George Greenough's construction of boats, waterhousings, and waveriding tools in order to manifest his dreams are legendary acts not likely to be repeated. Not since has one man single-handedly so dramatically influenced surf culture. In this episode of Sea Movies, we are fortunate enough to air an exclusive collab by Greenough himself with the talented Australian musician Shannon Sol Carroll who co-composed the soundtrack to Under The Sun with his Band of Frequencies.
For more of Shannon's music and Andrew Crockett's projects check out: switch-foot.com
For more info on Band of Frequencies go to: bandoffrequencies.com
A limited edition 'All I've Found' EP with a frame grab of Greenough on the front cover is available for a short time only at switch-foot.com
It's also available to download at:
Stay informed about Band of Freq's future movements via:
Below is an interview with Shannon conducted by Andrew Crockett (author of Switchfoot I & II):
1) How long have you been working with George Greenough?
We've been working together for last few years on a couple of new short films, 'Deep Tube Riding' and 'Wipeout', that both take a closer look at some of the waves featured in his movies. George narrates and analyses what is going on (in detail) in select cuts from the footage taken on his custom-made 16mm film camera. It’s really interesting to get a glimpse into what’s going on when he’s riding either his high-tech Spoon or the inflatable surf mat with all that camera gear strapped to him. I've been creating the soundtracks using some trippy alternate takes and mixes from Band of Frequencies live studio recordings that were recorded straight to tape.
2) How did you first meet George?
I met Greenough with my mate AC when we went to hang out and jam at his house in Broken Head. GG was playing some of the carbon fiber didgeridoo’s he’s made and we were blowing out on how far the sound travels through the ground.
3) Have you ever surfed with him?
I’ve surfed out off the Cape at Byron with him a bit. He gets the longest waves on the mat, just gliding through the sections, reading the refracting energy lines that criss-cross out there.
4) How long did you spend working on this filmclip?
We started visualizing it a couple of years back. We looked through the archives a few times and then I selected some sections that I felt a connection with. George pulled out the old classic cars footage and the concept of the life long journey really resonated with me so I took a disc of various things home and came up with the lyrics loosely based on the scenes. Once we’d recorded the track I went through and catalogued the shots that corresponded with the songs lyrics and within two days editing with George we had the clip done.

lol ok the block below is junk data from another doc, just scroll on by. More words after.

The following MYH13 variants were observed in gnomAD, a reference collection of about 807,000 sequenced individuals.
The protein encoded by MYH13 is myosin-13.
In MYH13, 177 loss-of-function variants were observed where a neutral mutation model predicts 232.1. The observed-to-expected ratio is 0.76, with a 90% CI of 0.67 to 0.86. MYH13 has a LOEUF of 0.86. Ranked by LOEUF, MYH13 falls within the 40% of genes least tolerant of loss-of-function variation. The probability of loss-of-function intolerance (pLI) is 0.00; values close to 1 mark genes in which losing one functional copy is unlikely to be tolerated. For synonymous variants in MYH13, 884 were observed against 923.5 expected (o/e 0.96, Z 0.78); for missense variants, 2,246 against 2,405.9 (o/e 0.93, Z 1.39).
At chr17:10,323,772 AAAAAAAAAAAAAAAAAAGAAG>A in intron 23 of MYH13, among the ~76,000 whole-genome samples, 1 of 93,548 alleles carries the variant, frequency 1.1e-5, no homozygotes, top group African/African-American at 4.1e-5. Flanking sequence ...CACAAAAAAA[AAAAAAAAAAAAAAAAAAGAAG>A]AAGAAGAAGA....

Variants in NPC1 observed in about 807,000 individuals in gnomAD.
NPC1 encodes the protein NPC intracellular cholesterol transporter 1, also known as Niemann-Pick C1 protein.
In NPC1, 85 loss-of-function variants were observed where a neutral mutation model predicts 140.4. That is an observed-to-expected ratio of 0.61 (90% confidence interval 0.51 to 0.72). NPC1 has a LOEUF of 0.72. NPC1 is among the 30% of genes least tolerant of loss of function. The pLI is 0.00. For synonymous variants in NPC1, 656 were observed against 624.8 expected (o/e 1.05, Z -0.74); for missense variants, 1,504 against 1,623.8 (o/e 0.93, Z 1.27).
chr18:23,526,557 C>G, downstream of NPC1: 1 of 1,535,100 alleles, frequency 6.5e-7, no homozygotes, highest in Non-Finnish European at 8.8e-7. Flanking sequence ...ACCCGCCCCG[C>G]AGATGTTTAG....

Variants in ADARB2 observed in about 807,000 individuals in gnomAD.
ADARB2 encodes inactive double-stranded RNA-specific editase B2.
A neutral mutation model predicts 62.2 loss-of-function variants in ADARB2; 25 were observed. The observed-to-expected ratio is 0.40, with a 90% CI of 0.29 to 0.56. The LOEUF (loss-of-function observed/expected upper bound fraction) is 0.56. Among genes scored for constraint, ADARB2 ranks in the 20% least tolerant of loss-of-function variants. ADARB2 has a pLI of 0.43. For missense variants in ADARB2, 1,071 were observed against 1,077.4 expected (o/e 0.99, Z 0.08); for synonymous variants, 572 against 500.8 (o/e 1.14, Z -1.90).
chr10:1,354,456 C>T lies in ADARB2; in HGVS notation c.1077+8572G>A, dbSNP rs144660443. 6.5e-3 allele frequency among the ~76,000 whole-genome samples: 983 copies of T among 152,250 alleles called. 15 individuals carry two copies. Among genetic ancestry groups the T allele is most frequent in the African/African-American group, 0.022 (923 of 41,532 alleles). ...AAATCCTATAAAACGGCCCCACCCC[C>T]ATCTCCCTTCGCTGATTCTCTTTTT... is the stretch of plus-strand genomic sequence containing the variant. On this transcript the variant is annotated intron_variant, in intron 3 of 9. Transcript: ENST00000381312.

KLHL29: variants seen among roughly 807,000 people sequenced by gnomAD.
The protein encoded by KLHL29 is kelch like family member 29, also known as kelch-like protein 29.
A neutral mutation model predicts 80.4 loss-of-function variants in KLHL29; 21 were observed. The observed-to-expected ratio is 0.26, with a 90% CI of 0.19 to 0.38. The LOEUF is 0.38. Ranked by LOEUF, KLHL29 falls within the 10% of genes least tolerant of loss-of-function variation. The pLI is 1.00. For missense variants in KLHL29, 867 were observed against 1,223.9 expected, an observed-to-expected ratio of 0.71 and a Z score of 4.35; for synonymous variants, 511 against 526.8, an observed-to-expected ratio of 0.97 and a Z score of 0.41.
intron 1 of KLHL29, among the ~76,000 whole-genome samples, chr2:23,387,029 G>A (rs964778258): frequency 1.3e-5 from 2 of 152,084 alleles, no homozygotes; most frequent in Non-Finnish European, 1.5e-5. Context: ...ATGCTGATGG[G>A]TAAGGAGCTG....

How did writing the song All I’ve Found come about?
Originally I wrote the tune whilst watching the silent footage and it came out as a spacey acoustic track with heaps of delays. When the band version was being jammed in the studio we toyed with the idea of making it a driving shuffle, like 'The Farm' soundtrack in ‘Coming of the Dawn’. I was into a few dubstep tracks at the time and decided to focus that influence into the bands sound rather than go back into the past because for me George Greenough’s greatest influence is as an innovator. He’s always looking from the present and into the future. George is always looking forward so I didn’t feel like going back into the past really did the collaboration justice.
5) Is there much more old content hiding in his archives?
There are plenty of classic moments GG has captured on film that haven’t been released and there are so many more stories to hear. I’m really grateful GG documented that time in surfings progression, but also documented himself surfing so futuristically. There is very little footage of Greenough surfing, aside from the content he captured himself. I really wish I could have experienced those days in a lot of ways... At least the next generations can get a glimpse into that golden era through the footage, sound recordings and stories within these classic films.